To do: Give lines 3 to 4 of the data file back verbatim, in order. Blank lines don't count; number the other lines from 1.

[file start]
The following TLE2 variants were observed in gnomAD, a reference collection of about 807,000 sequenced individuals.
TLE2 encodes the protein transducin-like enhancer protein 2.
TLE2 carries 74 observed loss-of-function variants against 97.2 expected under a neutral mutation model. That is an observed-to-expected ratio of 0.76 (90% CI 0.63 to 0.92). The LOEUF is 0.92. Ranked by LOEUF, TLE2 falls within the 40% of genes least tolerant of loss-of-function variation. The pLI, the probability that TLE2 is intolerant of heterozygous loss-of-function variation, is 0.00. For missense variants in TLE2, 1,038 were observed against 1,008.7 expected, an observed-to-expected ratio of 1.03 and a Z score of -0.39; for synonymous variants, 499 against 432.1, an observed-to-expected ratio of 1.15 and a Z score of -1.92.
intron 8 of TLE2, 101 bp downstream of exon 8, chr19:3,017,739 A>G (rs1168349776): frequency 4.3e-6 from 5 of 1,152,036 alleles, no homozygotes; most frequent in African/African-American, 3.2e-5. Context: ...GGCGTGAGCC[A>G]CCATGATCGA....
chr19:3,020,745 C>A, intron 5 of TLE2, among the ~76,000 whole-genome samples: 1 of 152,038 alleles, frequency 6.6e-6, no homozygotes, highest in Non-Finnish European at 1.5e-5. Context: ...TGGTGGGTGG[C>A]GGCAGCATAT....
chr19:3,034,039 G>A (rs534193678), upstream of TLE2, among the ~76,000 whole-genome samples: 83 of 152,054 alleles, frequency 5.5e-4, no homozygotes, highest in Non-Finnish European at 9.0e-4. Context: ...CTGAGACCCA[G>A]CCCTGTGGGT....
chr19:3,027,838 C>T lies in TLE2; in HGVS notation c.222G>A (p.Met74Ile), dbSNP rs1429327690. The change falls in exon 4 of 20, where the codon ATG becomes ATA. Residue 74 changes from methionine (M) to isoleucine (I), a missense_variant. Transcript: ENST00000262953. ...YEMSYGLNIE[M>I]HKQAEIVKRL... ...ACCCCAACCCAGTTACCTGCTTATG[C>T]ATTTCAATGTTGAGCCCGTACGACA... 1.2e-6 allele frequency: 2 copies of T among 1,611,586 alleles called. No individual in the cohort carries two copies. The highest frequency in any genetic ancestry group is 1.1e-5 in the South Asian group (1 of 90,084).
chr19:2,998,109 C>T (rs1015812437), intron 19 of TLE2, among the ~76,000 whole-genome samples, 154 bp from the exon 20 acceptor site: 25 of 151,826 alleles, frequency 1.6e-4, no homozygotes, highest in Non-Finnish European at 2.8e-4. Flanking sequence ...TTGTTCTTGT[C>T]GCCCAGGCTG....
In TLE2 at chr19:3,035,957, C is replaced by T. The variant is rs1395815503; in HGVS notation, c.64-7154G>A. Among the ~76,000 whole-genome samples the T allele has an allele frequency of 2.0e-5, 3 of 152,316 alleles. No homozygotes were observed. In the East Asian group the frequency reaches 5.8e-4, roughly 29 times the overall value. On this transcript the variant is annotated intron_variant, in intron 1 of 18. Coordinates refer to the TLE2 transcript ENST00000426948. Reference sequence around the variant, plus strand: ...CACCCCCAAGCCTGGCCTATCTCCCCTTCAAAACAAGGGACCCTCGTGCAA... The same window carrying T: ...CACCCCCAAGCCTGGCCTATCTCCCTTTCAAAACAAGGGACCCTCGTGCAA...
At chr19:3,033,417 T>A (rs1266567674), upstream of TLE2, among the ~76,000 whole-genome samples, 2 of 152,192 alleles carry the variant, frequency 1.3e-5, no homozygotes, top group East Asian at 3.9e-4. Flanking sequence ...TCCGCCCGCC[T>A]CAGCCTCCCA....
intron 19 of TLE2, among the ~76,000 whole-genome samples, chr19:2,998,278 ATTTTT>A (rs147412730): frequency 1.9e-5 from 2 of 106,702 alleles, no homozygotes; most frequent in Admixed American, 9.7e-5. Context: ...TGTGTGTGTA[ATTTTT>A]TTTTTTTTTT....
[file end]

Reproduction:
TLE2 carries 74 observed loss-of-function variants against 97.2 expected under a neutral mutation model. That is an observed-to-expected ratio of 0.76 (90% CI 0.63 to 0.92). The LOEUF is 0.92. Ranked by LOEUF, TLE2 falls within the 40% of genes least tolerant of loss-of-function variation. The pLI, the probability that TLE2 is intolerant of heterozygous loss-of-function variation, is 0.00. For missense variants in TLE2, 1,038 were observed against 1,008.7 expected, an observed-to-expected ratio of 1.03 and a Z score of -0.39; for synonymous variants, 499 against 432.1, an observed-to-expected ratio of 1.15 and a Z score of -1.92.
intron 8 of TLE2, 101 bp downstream of exon 8, chr19:3,017,739 A>G (rs1168349776): frequency 4.3e-6 from 5 of 1,152,036 alleles, no homozygotes; most frequent in African/African-American, 3.2e-5. Context: ...GGCGTGAGCC[A>G]CCATGATCGA....